Immediately, I dropped and rolled and tossed my backpack even though it contained some vital supplies. I was now lighter and could move faster. I had bought a few precious seconds. I lurged forward. “Bogies at 12 o’clock,” I screamed into the cell phone. Smoke again blurred my vision. I saw an opening and went for it. I had reached the median.

Here blue helmeted UN troops patrolled. It was a temporary safety zone. The air grew calm as in the eye of a hurricane. Still on my cell to Cheryl, she asked me to stop by the store and bring some milk back on my way home. I explained that I was under fire, (she may have thought that was a metaphor), and did she want skim or 2%. I stepped off the curb and left the safety of the median.

Tear gas drifted toward my sector. I tore my shirt sleeve off and wrapped it around my mouth in order to breathe. My life did not pass before me but every movie cliché that applied to crossing busy streets in war-like conditions did. There were only three. I shouted out to whoever would listen. “You looking at me? You’ll never take me alive you dirty copper.” Finally, “There’s no place like home.” In desperation I quickly clicked my heels three times.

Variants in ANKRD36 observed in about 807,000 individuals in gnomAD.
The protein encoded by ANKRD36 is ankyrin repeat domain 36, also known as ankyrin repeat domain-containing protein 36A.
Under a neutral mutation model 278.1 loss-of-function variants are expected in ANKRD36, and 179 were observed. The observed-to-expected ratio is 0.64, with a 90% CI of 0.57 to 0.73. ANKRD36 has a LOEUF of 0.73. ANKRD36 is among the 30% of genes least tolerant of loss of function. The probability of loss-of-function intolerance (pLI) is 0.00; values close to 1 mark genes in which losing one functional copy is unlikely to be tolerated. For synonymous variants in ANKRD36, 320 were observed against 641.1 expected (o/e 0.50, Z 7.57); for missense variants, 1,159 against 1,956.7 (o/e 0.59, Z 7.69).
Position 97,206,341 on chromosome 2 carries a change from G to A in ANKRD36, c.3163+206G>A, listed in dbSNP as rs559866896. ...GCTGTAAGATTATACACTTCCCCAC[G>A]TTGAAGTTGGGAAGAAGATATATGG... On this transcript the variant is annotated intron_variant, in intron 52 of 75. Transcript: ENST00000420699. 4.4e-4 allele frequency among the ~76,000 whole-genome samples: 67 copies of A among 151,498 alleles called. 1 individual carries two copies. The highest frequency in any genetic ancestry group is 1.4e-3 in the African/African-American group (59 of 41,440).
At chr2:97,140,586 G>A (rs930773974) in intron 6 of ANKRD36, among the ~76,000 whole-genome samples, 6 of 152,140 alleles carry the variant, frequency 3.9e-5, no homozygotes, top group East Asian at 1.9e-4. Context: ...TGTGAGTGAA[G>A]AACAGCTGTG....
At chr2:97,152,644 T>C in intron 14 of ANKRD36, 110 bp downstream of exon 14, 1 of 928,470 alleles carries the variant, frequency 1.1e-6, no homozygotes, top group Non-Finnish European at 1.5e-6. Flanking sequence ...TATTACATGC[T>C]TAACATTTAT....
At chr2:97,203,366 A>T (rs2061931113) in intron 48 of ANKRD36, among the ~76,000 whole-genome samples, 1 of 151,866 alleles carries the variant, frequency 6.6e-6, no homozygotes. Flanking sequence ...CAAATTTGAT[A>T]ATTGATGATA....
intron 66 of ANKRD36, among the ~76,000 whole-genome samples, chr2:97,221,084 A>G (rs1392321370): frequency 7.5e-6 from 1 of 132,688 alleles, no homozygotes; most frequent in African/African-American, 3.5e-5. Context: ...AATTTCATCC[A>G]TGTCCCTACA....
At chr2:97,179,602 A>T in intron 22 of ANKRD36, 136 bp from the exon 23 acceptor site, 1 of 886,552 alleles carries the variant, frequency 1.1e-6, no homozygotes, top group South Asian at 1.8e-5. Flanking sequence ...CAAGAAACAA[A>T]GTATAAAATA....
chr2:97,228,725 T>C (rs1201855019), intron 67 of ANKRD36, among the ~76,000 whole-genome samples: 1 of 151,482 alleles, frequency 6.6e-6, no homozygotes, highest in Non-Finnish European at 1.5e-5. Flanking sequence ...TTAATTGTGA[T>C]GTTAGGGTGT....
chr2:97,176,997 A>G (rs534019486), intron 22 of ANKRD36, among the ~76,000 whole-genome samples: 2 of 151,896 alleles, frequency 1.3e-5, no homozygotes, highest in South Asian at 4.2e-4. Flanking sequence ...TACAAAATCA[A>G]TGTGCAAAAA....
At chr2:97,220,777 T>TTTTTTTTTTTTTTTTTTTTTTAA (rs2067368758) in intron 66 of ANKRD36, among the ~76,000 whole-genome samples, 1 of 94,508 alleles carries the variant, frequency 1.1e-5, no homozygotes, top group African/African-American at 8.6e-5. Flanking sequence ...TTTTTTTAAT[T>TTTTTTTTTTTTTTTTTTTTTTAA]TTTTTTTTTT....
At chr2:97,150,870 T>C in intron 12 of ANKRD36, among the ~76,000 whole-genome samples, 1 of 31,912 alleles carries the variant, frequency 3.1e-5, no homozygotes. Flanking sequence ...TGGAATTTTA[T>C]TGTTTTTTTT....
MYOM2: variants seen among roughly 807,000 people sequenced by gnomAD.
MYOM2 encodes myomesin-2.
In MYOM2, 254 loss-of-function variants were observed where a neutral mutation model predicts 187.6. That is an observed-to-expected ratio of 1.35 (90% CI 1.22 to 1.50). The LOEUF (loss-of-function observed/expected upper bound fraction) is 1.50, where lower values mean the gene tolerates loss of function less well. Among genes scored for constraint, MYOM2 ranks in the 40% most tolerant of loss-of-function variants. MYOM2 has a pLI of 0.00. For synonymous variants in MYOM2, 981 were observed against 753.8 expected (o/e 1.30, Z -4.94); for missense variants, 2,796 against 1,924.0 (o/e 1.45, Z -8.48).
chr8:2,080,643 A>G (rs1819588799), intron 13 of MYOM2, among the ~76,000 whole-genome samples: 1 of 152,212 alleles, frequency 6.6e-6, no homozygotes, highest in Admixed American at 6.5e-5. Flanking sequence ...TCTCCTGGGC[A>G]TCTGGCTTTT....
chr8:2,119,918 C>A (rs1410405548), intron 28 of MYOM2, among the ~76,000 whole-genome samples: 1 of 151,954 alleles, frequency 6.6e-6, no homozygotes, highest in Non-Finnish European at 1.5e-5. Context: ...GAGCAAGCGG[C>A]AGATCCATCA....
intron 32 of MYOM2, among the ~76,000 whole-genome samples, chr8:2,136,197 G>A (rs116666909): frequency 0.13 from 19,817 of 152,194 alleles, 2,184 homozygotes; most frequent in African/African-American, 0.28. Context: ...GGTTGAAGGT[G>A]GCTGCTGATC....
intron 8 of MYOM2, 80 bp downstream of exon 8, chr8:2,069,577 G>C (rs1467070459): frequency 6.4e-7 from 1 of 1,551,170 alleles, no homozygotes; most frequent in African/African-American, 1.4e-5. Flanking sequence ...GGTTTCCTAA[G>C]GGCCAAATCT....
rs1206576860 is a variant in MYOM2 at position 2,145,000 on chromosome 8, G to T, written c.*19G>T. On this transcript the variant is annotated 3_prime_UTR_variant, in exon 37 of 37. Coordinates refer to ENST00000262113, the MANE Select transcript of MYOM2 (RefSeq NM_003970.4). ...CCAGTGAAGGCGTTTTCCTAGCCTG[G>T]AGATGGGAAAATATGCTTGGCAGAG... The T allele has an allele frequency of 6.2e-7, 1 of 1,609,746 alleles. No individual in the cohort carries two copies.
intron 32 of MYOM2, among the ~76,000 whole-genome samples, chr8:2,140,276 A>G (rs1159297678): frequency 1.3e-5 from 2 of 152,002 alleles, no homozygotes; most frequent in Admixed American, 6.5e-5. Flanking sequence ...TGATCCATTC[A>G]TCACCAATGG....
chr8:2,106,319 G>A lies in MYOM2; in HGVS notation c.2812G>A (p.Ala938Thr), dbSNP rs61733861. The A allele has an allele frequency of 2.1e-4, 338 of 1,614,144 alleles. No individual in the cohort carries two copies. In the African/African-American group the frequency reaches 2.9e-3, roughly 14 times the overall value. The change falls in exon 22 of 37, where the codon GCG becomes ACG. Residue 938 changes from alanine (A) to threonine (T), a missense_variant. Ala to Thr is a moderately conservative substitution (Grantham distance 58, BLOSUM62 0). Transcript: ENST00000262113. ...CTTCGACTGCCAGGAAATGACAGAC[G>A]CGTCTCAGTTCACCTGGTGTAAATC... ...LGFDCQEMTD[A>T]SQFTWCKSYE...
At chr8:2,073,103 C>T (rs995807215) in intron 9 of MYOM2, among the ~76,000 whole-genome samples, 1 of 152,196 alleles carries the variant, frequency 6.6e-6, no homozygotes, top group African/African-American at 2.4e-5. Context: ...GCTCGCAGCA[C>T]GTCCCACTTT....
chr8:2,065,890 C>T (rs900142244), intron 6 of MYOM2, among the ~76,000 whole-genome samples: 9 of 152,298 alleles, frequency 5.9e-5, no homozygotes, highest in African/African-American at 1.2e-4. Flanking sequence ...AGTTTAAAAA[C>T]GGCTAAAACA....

“Medic! I need a medic,” and I was on the curb. I had crossed Tunis.

I noticed people on the sidewalk were looking at me oddly, must be a cultural thing I thought. What, have they never seen a person cross the street before? Regretting the loss of my backpack and my torn shirt, I got to work only five minutes late.

Marty Rempel